You are a blue fish in the ocean of life.

    Comments on articles often reveal more than the post.
    I read all comments in the original article.[Business Week]
    This following comment from Patrick reflects the truth that Gen Y will place in their denial box to their own detriment:

    “Patrick
    Mar 5, 2008 9:49 PM GMT
    Most of these things sound like repackaged ideas from the 70s, 80s and 90s. Customers never change, they expect a lot and explain little. Hopefully no one from your Gen Y goes into sales or marketing or their own business. Because they will be empowered into the poor house. Everyone does not always win the people. If you want a hand out go to a soup kitchen. ”

    [Patrick comment from the article in Business Week – under “all comments” – a link throws this comment into moderation filters, sorry….no link for you]

    What Patrick distills succinctly here, I thought precisely the same when I read the Most Popular Posts at this blog titled “The Secret to Exciting Resumes”. If ever there was a way to remain jobless, following that resume advice will do it.

    Gen Y has already been snagged and hauled into the boat of life.
    They lay flapping around on the bottom of the boat, still unaware that they are no longer in water. To exist, they will either have to quickly get in the water with everyone else, or flap in the boat until they expire alone.

  2. Erica, came across this report from Frontline: Growing Up Online, which really illustrates the divide between Gen-Y and older generations (even Gen-X to a certain extent, to which I belong).

    From my own experience, I can tell you it’s going to be a frustrating transition–both for those who cannot appreciate the digital age and from those who absolutely have to be tethered to a cell phone or computer.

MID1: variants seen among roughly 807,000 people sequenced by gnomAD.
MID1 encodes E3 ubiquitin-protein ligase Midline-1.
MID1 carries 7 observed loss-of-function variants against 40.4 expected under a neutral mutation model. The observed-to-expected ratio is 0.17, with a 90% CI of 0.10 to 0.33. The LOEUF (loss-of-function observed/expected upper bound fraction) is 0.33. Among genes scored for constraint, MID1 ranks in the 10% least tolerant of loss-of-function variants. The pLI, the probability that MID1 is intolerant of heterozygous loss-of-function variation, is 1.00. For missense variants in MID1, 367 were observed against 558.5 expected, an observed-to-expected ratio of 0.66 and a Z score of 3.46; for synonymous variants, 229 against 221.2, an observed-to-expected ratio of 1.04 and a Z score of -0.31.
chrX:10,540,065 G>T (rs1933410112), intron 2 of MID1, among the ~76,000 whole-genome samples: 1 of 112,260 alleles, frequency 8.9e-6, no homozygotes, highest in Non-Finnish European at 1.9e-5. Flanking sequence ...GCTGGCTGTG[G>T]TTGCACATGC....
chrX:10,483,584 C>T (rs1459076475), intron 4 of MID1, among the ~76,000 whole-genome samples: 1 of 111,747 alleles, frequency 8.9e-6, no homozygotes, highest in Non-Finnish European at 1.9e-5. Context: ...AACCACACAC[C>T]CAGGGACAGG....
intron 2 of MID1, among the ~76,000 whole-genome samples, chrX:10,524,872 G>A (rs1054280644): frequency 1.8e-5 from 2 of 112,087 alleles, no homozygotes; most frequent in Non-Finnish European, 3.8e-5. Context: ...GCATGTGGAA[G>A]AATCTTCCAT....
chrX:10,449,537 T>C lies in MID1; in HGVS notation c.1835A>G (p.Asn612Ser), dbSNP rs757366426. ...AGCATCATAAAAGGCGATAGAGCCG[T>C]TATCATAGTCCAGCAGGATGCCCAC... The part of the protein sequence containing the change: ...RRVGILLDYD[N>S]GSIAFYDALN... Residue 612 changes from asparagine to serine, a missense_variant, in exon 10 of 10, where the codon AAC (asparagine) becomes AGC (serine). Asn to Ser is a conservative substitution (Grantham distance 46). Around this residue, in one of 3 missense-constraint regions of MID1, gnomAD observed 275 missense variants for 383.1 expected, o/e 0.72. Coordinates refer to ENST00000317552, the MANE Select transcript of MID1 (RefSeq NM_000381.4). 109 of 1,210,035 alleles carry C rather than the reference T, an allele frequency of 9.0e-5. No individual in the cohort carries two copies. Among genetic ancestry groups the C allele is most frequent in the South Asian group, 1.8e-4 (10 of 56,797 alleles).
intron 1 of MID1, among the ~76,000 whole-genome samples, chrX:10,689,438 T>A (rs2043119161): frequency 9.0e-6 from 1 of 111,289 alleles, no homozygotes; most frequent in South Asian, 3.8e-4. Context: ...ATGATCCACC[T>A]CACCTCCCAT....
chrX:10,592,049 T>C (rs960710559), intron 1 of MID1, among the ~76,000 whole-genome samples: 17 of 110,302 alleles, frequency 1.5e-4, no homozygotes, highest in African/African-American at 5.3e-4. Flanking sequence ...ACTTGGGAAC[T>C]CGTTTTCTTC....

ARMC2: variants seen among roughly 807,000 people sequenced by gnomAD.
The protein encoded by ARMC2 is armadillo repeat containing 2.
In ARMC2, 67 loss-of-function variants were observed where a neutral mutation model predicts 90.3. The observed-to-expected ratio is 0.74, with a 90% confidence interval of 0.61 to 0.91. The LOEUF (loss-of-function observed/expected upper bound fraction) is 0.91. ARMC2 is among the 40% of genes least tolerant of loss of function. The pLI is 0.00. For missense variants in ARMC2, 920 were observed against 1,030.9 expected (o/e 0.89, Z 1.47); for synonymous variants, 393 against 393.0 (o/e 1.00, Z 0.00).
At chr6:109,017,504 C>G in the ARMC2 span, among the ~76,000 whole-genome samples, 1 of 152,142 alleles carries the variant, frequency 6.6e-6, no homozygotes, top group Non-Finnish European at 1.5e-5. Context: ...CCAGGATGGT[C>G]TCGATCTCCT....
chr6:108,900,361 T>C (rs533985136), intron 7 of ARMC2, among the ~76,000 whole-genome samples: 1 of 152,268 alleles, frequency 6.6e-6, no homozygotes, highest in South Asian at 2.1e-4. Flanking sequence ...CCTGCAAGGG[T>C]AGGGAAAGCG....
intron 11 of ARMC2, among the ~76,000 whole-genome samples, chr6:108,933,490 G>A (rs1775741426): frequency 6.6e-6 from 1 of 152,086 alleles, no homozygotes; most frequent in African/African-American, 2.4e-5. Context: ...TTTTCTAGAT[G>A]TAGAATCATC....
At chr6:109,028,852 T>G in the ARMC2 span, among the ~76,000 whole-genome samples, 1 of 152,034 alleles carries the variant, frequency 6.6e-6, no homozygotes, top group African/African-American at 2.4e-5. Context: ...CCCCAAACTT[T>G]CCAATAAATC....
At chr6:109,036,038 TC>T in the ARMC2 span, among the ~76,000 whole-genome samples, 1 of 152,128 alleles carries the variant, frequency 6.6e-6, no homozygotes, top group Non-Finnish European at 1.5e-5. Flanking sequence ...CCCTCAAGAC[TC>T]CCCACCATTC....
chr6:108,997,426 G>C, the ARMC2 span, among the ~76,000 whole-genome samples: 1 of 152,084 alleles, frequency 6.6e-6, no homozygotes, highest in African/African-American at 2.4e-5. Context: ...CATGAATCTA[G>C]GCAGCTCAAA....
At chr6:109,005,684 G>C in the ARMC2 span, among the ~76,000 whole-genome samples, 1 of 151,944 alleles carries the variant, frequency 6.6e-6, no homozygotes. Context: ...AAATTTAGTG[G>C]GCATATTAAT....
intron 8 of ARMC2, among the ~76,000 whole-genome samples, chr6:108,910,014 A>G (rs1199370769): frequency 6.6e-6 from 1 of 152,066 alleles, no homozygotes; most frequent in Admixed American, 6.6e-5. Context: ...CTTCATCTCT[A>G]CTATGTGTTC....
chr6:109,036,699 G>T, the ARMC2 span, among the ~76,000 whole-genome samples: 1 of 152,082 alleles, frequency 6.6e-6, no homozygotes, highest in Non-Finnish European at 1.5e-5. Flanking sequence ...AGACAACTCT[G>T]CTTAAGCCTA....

3. I couldn’t agree more about your comments about “work experience” with generation Y. Experience is not merely the number of years behind you, anymore. The world has changed during last 10 or 15 years to a level where, you can expedite the experience you gather through working. Experience has a new definition now. It’s not doing the same old thing over and over again, and advocate others to do the same thing. It’s more towards, experimenting new things all the time, and improving your accuracy of predicting the success rate of the next new thing you are going to try!

  4. @Brad- your welcome! I definitely want to help spread the news in new marketing trends!

    @Danny-I agree with the concept that “today will always become obsolete.” There’s always some new and “better” thing or idea that will come along and wipe out the newest thing. But there’s always that time of transition that you have. So, although I don’t believe Generation Y is already obsolete, I do understand that there’s a new generation picking up momentum and becoming the norm. What do we take from this? Stay informed. Subscribe to feeds that will keep you updated on your market, different trends, and new types of technology. Thanks for the comment, Danny!

    @Rich- thanks for the link- that’s a great report! Kids have grown up on computers and with the latest piece of technology. My three year old cousin shows my 80 year old grand mother how to play computer games on a day to day basis, and my 11 year old cousin has had her own cell phone for a year. Today’s children have grown up much differently then my generation has (Gen Y), and MUCH different then yesterday’s generation. We must adapt- as these are who we are going to marketing too soon.

    @Andrew- thanks for the compliment, and I’ll definitely check out the new Erie Forum!

    @Ami- I’m so glad to hear somebody getting my frustration with the whole “work experience” concept. I am truly more experienced than certain individuals with 15 years of work experience. I also love the comment you made about how experience is in experimenting with new ideas and improving them over time…Google is a perfect example of this! Google has been “online” in some form or another ever since the founders thought of the idea and developed the technology. They didn’t wait until it was perfected before letting customers try it out. Thanks so much for your comment!

    @Billso- thanks for your comment!